00:00:00000:00000:2012/05/20 14:47:34.99 kernel  This product is licensed to: <my company name>
00:00:00000:00000:2012/05/20 14:47:34.99 kernel  Checked out license ASE_CORE
00:00:00000:00000:2012/05/20 14:47:34.99 kernel  Adaptive Server Enterprise (Enterprise Edition)
00:00:00000:00000:2012/05/20 14:47:34.99 kernel  Using config area from primary master device.
00:00:00000:00000:2012/05/20 14:47:35.00 kernel  Internal run-time model set for Linux  – Native
00:00:00000:00000:2012/05/20 14:47:35.00 kernel  Using 8192 file descriptors.
00:00:00000:00000:2012/05/20 14:47:35.00 kernel  Adaptive Server Enterprise/15.5/EBF 19902 …

While there is no issues with this method it might be somewhat time consuming due to the fact we need to again log into the OS and edit the file, locate the startup point and then read the results.  I would rate this method of license discovery as just adequate and if I have more than 5 or 10 servers then this could get labour intensive.  I might be inclined  to write a hunt and seek script featuring the Linux egrep command  to help locate the license results.

The latest method available in version 15.5 ASE Servers, is to discover SAP ASE licenses by using the stored procedure: sp_lmconfig .  This procedure is designed to avoid locating the licensing information outside of the SAP ASE Server and thereby creating a one-stop shopping approach to information gathering.  Here is an example:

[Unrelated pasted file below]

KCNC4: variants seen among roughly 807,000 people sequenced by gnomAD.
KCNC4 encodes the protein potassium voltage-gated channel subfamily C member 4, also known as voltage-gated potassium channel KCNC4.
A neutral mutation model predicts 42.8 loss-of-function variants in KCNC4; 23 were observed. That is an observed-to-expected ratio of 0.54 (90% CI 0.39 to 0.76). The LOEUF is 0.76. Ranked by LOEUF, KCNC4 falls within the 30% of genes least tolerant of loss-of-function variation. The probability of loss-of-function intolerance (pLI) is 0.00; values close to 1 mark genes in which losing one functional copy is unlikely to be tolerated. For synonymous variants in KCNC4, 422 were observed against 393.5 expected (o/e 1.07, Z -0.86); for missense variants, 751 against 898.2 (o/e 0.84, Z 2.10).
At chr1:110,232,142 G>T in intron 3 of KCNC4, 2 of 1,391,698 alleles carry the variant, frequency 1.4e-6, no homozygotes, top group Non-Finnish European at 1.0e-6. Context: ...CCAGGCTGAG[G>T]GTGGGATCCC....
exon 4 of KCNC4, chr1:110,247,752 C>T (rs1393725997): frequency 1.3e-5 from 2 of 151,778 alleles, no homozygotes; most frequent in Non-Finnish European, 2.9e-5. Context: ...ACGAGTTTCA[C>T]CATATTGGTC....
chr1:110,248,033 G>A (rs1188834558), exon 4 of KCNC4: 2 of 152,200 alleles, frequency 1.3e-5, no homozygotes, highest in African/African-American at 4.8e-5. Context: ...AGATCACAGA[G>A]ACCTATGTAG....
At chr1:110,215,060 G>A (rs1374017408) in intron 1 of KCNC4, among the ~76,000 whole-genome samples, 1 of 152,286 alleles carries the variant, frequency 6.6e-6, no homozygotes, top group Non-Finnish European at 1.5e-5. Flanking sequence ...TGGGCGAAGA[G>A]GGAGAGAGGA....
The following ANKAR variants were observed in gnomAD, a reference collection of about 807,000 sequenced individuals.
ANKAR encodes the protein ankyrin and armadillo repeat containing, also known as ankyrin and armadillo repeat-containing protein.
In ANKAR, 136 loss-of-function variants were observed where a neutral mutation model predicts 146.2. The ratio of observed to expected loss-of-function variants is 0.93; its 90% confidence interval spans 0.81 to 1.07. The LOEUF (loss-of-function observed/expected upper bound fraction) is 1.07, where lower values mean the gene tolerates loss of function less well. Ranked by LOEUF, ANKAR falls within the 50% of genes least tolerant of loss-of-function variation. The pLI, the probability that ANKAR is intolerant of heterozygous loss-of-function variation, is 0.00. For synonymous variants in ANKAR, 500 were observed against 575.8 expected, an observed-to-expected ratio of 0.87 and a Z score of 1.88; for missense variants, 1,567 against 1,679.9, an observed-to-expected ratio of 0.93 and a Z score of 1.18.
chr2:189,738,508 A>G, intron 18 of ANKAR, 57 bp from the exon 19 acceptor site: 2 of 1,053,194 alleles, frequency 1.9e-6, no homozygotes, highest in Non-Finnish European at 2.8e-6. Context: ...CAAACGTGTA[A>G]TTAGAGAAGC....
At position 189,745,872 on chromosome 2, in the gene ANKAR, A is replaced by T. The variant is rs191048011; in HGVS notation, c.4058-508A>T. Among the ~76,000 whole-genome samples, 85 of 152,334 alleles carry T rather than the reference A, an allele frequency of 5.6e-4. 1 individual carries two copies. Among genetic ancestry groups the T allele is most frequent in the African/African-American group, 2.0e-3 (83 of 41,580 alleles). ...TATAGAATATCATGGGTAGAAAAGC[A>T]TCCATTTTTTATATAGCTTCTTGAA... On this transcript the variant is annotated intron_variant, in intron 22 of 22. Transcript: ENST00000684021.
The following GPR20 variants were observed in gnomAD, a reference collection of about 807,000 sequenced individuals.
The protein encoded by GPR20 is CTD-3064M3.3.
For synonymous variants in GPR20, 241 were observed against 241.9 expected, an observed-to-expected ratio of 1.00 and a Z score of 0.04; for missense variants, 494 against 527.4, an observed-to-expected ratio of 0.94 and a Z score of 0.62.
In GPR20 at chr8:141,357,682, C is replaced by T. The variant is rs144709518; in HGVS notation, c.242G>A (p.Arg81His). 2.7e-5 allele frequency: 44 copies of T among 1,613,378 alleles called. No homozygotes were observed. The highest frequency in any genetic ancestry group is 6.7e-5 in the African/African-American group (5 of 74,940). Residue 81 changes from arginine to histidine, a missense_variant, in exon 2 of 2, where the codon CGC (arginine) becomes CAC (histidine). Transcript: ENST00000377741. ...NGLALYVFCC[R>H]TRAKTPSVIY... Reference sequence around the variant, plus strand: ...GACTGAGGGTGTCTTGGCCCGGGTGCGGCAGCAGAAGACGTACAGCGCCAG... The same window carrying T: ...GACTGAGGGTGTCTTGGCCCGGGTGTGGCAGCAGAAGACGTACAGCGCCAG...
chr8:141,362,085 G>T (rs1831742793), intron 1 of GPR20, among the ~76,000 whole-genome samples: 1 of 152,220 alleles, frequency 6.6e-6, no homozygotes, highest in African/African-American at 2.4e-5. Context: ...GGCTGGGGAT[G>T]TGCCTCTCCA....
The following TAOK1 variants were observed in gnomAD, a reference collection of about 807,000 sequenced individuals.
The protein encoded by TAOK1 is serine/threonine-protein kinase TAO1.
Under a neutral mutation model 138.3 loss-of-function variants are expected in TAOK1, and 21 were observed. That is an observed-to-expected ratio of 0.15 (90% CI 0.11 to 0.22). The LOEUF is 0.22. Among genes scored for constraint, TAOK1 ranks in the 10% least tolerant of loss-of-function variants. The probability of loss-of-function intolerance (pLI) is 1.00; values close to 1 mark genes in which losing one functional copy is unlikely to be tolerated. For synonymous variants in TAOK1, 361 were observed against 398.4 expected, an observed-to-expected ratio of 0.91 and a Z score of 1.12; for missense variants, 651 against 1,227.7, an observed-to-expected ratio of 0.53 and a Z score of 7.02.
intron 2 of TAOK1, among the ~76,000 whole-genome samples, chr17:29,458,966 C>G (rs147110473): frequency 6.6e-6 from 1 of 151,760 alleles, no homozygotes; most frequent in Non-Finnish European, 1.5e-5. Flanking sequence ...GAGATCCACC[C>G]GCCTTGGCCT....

exec sp_lmconfig

Parameter Name    Config Value 

—————– ———— 

edition           EE 

license type      CP 


License Name    Version    Quantity Status       Expiry Date          Server Name 

————— ———- ——– ———— ——————– ——————– 

ASE_HA          null       0        not used     null                 null                

ASE_ASM         null       0        not used     null                 null                

ASE_EJB         null       0        not used     null                 null                

ASE_EFTS        null       0        not used     null                 null                

ASE_DIRS        null       0        not used     null                 null                

ASE_XRAY        null       0        not used     null                 null                

ASE_ENCRYPTION  null       0        not used     null                 null                

ASE_CORE        2014.MMDD  4        OK           Permanent            null                

ASE_PARTITIONS  null       0        not used     null                 null                


Property Name Property Value 

————- ————– 

PE            EE 

LT            CP 


CP            4 

AS            A

While one can argue that this output is still somewhat cryptic, it really is quite readable.  This Customer had two questions for me: What type of license do I have and is it a valid license (as opposed to the ASE Server being out of licence of in a grace period)?